Sure, sure, “how many years someone has been in the business” is a rough proxy for how experienced a particular Realtor is.

That’s especially so in a field where something like 90% of new entrants last less than two years.

But, I’d argue, there are three other metrics that more accurately capture how seasoned/skilled any given agent is:

One. Transactions handled.

Once a Realtor has handled 10 – 15 transaction sides — representing either the Buyer or Seller in a single deal — they’ve at least learned the basics.

A few new agents get to that point in three months; others can require two (or more) years.

Two. Types of markets they’ve worked in.

Believe it or not, there’s actually something called a “Buyer’s Market.”

Supposedly, there’s even a phenomenon known as a “Balanced Market.”

But since the housing market hasn’t experienced either one in at least 6-7 years, I’m guessing that more than 50% of all agents currently active are only familiar with a Seller’s Market.

When — not if — there’s another market shift . . . they’ll see how different it feels. 

Three. Office managers worked under (note: the technical term — which agents never use — is “Managing Broker”).

Given the transient nature of the field, most Realtors work under exactly one Office Manager.

I’ve now worked with four.

Beginning with the inimitable Josh Kaplan, thru the ever-buoyant Molly Goenner, each one has been outstanding in their own right, and taught me something — actually, many things — only they could have.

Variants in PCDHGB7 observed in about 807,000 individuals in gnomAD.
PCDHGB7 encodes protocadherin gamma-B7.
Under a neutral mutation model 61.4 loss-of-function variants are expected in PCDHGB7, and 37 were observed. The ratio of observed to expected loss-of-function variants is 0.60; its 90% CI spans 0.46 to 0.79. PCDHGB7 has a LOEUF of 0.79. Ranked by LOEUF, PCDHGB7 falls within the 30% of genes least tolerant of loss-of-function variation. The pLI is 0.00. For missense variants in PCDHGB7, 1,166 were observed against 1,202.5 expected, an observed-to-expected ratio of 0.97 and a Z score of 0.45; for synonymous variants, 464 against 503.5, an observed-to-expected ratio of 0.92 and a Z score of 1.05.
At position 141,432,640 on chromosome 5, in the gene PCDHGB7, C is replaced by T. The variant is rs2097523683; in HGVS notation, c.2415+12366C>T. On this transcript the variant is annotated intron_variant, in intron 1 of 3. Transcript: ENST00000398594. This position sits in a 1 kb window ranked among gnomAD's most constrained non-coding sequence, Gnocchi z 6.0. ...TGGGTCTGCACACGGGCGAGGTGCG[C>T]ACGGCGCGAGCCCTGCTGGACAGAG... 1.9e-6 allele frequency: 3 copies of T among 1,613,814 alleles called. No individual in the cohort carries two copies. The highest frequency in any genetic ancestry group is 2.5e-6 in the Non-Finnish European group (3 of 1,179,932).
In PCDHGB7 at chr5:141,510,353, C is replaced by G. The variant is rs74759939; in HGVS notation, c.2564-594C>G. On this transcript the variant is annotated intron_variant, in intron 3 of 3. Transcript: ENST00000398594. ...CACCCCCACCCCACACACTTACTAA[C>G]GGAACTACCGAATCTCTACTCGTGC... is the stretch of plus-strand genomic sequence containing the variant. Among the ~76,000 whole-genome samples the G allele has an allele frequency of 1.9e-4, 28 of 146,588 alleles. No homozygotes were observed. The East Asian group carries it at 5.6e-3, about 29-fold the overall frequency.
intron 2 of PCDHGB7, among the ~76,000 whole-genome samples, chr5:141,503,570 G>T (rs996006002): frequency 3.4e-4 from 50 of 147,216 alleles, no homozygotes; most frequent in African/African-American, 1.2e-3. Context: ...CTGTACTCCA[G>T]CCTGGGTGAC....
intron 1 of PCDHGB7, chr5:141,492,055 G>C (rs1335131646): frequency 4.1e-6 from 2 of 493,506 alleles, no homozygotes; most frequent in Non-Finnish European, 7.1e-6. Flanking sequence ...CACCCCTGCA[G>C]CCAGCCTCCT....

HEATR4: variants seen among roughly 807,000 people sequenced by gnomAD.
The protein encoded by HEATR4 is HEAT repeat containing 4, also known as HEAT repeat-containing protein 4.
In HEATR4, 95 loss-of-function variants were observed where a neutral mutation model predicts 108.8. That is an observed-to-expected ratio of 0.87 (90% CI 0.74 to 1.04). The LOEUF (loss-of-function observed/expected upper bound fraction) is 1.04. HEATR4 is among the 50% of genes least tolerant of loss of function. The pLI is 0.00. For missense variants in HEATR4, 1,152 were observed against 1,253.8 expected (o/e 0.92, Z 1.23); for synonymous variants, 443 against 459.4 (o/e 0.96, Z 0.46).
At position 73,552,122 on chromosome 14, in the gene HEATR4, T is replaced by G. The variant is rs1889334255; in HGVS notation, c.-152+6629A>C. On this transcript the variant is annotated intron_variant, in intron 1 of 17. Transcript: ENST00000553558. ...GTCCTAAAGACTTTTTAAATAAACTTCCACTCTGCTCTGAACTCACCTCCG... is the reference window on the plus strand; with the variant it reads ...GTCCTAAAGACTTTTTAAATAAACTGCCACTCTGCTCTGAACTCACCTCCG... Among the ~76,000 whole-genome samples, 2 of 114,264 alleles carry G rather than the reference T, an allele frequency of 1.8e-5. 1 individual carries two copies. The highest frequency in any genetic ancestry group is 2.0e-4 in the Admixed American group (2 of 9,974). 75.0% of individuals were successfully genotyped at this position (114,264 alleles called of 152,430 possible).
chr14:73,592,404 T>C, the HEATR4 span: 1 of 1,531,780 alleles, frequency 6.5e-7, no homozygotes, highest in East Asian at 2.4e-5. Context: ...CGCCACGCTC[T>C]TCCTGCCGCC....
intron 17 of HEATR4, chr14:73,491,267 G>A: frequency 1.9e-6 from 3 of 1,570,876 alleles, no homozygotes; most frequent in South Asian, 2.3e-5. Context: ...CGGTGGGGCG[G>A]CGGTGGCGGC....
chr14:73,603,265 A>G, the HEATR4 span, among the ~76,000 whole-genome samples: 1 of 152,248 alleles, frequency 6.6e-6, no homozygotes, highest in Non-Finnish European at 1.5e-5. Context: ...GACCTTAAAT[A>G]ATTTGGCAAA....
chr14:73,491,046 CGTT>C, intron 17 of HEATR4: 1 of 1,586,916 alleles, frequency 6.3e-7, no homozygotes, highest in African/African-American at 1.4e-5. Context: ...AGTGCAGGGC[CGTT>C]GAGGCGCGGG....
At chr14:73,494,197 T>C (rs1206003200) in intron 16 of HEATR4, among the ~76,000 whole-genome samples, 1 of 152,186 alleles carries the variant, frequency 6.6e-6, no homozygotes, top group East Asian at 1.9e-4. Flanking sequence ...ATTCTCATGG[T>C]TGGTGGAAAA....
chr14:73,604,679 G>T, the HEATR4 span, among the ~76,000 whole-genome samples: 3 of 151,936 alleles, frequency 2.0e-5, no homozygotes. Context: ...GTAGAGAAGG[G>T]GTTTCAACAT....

Variously your coach, cheerleader, conscience, and unpaid shrink, it’s hard to overestimate the Office Manager’s importance to individual agents (even veteran ones who seemingly need less support).

While the Edina Realty brand assures consistency and quality control, it’s the Office Manager — and the agents they attract/retain over time — who puts their “stamp” on each brokerage office . . .

About the author

Ross Kaplan has 19+ years experience selling real estate all over the Twin Cities. He is also a 12-time consecutive "Super Real Estate Agent," as determined by Mpls. - St. Paul Magazine and Twin Cities Business Magazine. Prior to becoming a Realtor, Ross was an attorney (corporate law), CPA, and entrepreneur. He holds an economics degree from Stanford.

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